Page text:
Lately I’ve been thinking a lot about saying goodbye. I get a lot of practice, so I’m pretty good at it.
I’m good at giving long hugs, hosting goodbye dinners, and promising to call and email. I’m good at packing, at putting clothes and books into storage, and I’m even good at shedding a few discreet tears during takeoff.
Like many students, I have to be. I say a big round of goodbyes in both April and August, and while the first days in a different city are often jarring, my daily routines fall quickly into place. Soon, those people whose physical presence was so warm and constant just days before are reduced to a voice on a telephone or a face on a fuzzy video screen.
In 2010, I’ll say more goodbyes than usual. Because I’ll spend the winter semester in Denmark, I’ll divide the year between three different cities, all of them thousands of kilometres apart.
But I don’t mind too much – after all, “goodbye” isn’t what it used to be. It can still mean goodbye forever, or at least until that high school reunion, but more often it means goodbye until the next time we Skype, or email, or text. Because I’m Facebook friends with at least half of my grade five class, all of whom I can contact or creep at my leisure, goodbye doesn’t have to mean goodbye at all (even when I wish it did.)
And for me, like many people I know, I expect these constant, half versions of goodbye will be a regular part of my life for years to come.
I’ve met people who are planning to stay in Ottawa after they graduate – after all, they have a boyfriend and a nice place and a cat – but not very many.
Many instead see themselves in permanent transit, hopping from city to city – or from country to country – in pursuit of travel and adventure, or just grad school and a job.
This decision can manifest itself in lots of ways. For example, it can mean nursing an obligatory addiction to keep-in-touch technology, an unwillingness to collect anything that doesn’t fit on an iPod, and a reluctance to commit to relationships.
I keep a whole range of friendships running entirely through Facebook, and after a couple years of shuttling between school and home, I started giving away my favourite books. I worried about how much time they would spend in a box instead of on a shelf, so I found good homes for Norwegian Wood and Middlesex and The Places in Between.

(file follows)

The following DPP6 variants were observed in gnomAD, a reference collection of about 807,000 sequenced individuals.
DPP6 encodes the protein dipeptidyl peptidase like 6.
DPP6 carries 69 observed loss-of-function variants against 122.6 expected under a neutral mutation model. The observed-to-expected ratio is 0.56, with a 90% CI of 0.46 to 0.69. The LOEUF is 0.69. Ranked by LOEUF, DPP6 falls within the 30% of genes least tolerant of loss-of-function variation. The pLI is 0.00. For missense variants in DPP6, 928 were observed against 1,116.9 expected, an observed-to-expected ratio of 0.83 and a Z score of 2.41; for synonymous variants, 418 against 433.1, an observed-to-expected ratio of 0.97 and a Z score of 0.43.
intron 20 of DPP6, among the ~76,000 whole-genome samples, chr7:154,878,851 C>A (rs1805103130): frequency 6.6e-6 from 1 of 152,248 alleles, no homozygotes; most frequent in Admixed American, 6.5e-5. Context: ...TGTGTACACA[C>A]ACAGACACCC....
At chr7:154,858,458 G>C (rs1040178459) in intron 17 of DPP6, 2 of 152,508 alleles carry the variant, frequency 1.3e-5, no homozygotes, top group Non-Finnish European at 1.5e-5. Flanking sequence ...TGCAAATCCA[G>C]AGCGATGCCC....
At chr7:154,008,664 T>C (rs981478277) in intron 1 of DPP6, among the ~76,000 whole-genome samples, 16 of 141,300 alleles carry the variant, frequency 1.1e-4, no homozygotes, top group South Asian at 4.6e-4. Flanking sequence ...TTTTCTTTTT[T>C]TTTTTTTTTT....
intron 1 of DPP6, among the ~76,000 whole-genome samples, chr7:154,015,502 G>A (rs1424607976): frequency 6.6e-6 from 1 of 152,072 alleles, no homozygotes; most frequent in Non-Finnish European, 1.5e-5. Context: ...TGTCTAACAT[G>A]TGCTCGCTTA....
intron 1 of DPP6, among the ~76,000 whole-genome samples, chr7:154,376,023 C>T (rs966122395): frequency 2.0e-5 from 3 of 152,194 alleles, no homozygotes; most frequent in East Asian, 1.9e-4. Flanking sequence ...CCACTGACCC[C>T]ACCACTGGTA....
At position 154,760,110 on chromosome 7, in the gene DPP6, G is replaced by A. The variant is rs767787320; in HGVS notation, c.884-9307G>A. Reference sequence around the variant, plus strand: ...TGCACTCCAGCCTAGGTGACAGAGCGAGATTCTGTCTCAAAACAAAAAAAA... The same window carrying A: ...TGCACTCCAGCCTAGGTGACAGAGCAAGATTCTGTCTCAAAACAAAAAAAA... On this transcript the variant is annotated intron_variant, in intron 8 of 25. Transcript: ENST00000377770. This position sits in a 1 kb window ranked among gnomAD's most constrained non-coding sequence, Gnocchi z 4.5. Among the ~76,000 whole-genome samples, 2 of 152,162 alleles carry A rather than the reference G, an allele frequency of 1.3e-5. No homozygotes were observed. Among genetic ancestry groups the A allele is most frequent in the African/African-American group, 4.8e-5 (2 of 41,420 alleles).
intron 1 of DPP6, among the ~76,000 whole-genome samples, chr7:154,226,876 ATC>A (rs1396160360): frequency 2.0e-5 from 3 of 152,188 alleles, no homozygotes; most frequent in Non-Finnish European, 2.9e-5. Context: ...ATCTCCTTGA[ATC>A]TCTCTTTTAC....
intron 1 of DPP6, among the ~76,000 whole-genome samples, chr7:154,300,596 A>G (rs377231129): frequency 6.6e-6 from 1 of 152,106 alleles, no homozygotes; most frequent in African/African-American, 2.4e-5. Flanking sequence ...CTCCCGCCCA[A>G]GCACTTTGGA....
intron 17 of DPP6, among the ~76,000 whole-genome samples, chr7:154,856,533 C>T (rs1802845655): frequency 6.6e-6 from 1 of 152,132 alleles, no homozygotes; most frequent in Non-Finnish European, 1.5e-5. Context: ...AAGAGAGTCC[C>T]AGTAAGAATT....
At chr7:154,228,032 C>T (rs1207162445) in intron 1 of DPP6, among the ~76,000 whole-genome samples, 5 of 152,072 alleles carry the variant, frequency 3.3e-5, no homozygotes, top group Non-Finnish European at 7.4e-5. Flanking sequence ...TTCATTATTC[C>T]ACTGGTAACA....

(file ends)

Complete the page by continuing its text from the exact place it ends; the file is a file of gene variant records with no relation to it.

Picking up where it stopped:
And when my grandmother or my hairdresser asks me if I have a boyfriend, I mentally calculate when would be a good time to acquire one, like getting a puppy or tending to a garden full of perennials. Any relationship, after all, comes with an ultimatum – spend a lot of time on Skype, or learn to love the built-in best-before date. Love would complicate that clear formula, so I try my best to avoid it.
Instead of books or boyfriends, I acquire ambitious lists of the places I would like to live. Edinburgh. Munich. New York. Vancouver.
We’re often referred to as a hooked-up, signed-in generation – constantly available via phone and email while ignoring the people sitting next to us on the bus. Maybe this is because we’re also a generation in transit, always looking for the next challenge and the next move, trading stability for stimulation and real conversation for “communication” with the many people we’ve left behind.
It’s certainly the path I’ve chosen, and I think it’s the one required of me, in any case. Even when I hate to leave again and again, especially when “keeping in touch” seems like such a flimsy comfort so far from home, I’m still young enough to fantasize about each new place, with little regard for the consequences.
Eventually I’ll have to “settle down” – but right now the concept seems so far away, so foreign, so grown up, I don’t even know what it would look like. Maybe I’ll end up in a place and I won’t say goodbye – even a half version – for a long, long time.
But until then, at least I’ve got Skype.